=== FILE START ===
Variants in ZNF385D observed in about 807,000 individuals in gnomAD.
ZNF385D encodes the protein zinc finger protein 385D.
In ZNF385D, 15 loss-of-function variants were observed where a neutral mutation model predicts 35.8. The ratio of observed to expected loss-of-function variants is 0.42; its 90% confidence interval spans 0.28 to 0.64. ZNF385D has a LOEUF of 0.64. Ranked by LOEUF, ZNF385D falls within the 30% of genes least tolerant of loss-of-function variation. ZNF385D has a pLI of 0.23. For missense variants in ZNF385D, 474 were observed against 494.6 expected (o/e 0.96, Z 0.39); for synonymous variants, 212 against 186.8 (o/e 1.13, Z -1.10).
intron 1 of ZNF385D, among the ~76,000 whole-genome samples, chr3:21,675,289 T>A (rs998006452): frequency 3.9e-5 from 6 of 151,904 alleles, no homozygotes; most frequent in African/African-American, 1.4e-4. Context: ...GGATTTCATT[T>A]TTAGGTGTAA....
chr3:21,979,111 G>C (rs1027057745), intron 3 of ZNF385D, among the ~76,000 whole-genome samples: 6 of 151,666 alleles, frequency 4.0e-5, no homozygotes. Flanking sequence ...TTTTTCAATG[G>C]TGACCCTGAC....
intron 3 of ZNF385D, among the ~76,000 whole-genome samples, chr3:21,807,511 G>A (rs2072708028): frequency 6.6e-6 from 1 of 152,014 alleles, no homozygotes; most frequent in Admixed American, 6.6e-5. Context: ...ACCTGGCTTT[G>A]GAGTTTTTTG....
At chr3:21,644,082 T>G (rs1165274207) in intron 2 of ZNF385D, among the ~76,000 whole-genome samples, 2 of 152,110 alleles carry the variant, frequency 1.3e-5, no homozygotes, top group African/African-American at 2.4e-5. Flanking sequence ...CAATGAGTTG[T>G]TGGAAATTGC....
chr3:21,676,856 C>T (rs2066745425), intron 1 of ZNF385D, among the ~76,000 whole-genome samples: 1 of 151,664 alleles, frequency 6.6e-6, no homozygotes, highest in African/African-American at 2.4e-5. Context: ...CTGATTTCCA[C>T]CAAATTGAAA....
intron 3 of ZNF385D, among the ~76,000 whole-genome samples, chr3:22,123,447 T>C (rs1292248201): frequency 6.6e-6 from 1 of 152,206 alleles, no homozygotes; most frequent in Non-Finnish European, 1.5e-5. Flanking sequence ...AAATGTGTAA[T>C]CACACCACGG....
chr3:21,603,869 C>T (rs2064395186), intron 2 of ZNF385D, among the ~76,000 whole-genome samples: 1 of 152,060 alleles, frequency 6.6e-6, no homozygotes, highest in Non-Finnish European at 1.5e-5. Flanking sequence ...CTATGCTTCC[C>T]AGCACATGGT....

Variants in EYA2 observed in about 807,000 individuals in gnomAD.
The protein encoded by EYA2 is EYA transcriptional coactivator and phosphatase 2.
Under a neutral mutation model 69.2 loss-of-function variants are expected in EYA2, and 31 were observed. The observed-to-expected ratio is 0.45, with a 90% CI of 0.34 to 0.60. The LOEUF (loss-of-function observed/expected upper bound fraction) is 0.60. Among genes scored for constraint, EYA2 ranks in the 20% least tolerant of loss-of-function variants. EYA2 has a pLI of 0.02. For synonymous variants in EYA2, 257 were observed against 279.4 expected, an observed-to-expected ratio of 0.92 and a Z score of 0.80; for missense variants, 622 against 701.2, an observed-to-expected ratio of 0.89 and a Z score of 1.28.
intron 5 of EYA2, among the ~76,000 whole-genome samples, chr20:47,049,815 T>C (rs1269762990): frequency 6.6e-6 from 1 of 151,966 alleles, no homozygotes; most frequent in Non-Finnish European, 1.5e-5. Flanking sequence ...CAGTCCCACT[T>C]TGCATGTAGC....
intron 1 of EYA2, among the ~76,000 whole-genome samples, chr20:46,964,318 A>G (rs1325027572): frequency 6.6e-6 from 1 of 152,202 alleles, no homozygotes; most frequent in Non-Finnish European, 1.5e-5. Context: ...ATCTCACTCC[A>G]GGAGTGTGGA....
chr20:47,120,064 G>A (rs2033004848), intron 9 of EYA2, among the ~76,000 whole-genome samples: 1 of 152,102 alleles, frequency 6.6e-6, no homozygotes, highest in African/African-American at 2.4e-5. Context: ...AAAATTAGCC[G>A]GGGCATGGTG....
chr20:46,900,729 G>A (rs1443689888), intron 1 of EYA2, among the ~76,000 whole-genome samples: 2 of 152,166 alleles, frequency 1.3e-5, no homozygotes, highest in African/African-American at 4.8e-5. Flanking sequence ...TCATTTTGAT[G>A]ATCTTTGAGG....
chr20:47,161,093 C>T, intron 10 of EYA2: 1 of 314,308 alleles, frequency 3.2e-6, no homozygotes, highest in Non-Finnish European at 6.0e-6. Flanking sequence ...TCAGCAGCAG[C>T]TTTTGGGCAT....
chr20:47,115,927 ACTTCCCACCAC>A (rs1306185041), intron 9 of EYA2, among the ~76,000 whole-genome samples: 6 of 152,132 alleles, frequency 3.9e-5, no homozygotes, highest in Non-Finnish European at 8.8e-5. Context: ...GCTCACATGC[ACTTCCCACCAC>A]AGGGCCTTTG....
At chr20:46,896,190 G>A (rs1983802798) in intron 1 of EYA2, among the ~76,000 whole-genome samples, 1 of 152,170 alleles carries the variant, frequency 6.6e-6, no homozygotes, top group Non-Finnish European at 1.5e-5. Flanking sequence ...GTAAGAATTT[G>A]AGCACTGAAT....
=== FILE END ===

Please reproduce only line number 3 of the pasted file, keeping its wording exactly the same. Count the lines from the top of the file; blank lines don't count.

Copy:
In ZNF385D, 15 loss-of-function variants were observed where a neutral mutation model predicts 35.8. The ratio of observed to expected loss-of-function variants is 0.42; its 90% confidence interval spans 0.28 to 0.64. ZNF385D has a LOEUF of 0.64. Ranked by LOEUF, ZNF385D falls within the 30% of genes least tolerant of loss-of-function variation. ZNF385D has a pLI of 0.23. For missense variants in ZNF385D, 474 were observed against 494.6 expected (o/e 0.96, Z 0.39); for synonymous variants, 212 against 186.8 (o/e 1.13, Z -1.10).